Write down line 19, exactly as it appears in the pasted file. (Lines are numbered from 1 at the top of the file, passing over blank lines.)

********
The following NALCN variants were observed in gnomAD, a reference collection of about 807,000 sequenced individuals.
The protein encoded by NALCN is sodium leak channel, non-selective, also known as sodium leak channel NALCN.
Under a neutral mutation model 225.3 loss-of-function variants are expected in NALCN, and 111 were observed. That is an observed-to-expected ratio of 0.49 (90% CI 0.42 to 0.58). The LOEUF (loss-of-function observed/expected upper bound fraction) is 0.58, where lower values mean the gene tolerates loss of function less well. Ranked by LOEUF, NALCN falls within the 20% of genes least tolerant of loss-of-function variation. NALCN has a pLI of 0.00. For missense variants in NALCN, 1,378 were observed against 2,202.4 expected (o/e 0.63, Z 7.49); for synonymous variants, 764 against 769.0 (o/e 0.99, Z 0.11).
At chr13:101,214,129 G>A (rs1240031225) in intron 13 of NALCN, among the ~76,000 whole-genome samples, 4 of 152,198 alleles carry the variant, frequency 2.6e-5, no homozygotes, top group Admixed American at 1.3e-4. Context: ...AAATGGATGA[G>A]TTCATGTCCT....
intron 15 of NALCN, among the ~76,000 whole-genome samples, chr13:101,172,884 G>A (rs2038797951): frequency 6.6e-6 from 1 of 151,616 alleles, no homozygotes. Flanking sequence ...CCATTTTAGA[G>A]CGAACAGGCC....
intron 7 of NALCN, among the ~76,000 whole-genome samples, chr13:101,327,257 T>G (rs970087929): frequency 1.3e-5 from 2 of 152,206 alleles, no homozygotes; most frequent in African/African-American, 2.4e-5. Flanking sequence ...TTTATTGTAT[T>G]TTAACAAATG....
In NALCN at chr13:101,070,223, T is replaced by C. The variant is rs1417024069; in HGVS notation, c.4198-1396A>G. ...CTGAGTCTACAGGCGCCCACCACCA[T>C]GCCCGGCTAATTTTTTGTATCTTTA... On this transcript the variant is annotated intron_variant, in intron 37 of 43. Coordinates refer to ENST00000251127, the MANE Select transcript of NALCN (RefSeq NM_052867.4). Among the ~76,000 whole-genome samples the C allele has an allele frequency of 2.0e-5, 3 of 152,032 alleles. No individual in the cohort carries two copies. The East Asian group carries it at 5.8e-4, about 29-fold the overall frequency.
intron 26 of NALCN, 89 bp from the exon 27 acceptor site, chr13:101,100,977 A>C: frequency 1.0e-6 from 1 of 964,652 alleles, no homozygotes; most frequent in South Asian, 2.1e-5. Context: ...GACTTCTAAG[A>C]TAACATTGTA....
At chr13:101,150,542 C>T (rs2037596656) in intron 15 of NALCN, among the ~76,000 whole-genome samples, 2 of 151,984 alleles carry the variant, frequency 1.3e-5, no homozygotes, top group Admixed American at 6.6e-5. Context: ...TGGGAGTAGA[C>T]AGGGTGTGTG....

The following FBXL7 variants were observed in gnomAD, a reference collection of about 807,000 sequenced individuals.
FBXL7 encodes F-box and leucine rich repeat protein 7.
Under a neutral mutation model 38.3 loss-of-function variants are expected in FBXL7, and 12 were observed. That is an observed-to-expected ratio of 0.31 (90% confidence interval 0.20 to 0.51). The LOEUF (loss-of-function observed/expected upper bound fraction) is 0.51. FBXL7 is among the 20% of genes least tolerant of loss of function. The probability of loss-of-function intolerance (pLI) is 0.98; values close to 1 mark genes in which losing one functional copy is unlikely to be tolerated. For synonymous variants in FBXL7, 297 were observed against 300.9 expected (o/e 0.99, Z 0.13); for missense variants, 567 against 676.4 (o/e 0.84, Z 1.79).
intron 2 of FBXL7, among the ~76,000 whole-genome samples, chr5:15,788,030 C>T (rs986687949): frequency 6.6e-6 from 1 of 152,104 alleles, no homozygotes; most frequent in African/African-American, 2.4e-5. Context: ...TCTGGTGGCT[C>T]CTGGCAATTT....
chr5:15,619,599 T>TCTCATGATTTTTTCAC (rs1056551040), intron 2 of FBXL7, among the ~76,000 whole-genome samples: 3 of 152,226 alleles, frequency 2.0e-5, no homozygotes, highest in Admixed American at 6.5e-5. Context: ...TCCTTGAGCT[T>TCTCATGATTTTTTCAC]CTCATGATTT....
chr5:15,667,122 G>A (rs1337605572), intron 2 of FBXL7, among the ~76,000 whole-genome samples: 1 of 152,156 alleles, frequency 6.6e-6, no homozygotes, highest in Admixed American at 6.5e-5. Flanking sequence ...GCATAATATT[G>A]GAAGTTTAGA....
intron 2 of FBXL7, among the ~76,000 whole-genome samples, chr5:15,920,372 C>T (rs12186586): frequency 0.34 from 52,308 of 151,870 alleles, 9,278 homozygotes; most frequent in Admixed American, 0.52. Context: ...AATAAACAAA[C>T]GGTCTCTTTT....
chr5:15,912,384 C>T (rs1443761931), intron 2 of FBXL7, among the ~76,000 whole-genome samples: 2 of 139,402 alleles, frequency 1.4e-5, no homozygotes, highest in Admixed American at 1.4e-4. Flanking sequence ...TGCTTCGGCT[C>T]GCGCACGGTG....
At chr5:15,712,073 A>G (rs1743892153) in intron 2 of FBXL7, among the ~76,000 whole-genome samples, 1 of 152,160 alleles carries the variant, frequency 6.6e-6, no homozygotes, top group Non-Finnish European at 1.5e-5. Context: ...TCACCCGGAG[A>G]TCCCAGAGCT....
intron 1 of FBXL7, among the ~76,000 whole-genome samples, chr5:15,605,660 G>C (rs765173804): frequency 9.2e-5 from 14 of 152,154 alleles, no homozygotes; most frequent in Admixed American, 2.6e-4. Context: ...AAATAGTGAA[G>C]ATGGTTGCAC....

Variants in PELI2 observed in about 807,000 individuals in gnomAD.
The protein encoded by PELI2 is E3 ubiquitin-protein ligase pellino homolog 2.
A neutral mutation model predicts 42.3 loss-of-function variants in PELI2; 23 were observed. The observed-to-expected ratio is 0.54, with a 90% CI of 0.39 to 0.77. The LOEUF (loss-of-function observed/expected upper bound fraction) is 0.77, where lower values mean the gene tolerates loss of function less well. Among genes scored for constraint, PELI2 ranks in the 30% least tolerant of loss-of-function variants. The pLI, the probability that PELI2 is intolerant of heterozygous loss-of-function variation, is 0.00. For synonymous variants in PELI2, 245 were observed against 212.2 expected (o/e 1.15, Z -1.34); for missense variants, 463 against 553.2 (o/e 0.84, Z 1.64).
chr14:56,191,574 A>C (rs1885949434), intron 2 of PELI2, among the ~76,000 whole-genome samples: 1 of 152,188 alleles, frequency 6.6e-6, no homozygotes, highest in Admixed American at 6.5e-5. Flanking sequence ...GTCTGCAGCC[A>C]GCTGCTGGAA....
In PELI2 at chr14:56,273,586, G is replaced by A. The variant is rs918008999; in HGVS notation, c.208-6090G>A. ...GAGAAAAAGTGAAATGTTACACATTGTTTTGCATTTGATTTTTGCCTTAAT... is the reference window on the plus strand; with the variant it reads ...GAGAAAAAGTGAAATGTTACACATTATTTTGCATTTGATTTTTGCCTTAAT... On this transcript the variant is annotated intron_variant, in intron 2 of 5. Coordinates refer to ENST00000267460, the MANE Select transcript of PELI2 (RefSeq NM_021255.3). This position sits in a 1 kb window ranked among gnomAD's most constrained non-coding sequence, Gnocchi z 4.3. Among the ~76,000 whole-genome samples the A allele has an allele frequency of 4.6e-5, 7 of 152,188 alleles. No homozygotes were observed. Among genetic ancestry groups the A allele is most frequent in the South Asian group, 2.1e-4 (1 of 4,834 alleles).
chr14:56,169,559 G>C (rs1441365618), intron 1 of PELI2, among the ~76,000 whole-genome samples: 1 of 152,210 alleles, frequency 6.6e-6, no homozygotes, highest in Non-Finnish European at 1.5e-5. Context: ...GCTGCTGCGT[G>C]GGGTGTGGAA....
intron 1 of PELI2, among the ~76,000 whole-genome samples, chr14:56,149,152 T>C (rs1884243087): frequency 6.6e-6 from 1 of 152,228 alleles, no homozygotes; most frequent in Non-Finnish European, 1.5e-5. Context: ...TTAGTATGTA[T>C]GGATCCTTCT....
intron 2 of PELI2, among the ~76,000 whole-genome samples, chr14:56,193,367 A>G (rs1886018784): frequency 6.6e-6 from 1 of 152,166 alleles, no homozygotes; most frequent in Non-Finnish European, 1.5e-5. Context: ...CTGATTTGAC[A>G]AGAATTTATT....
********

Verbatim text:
intron 1 of FBXL7, among the ~76,000 whole-genome samples, chr5:15,605,660 G>C (rs765173804): frequency 9.2e-5 from 14 of 152,154 alleles, no homozygotes; most frequent in Admixed American, 2.6e-4. Context: ...AAATAGTGAA[G>C]ATGGTTGCAC....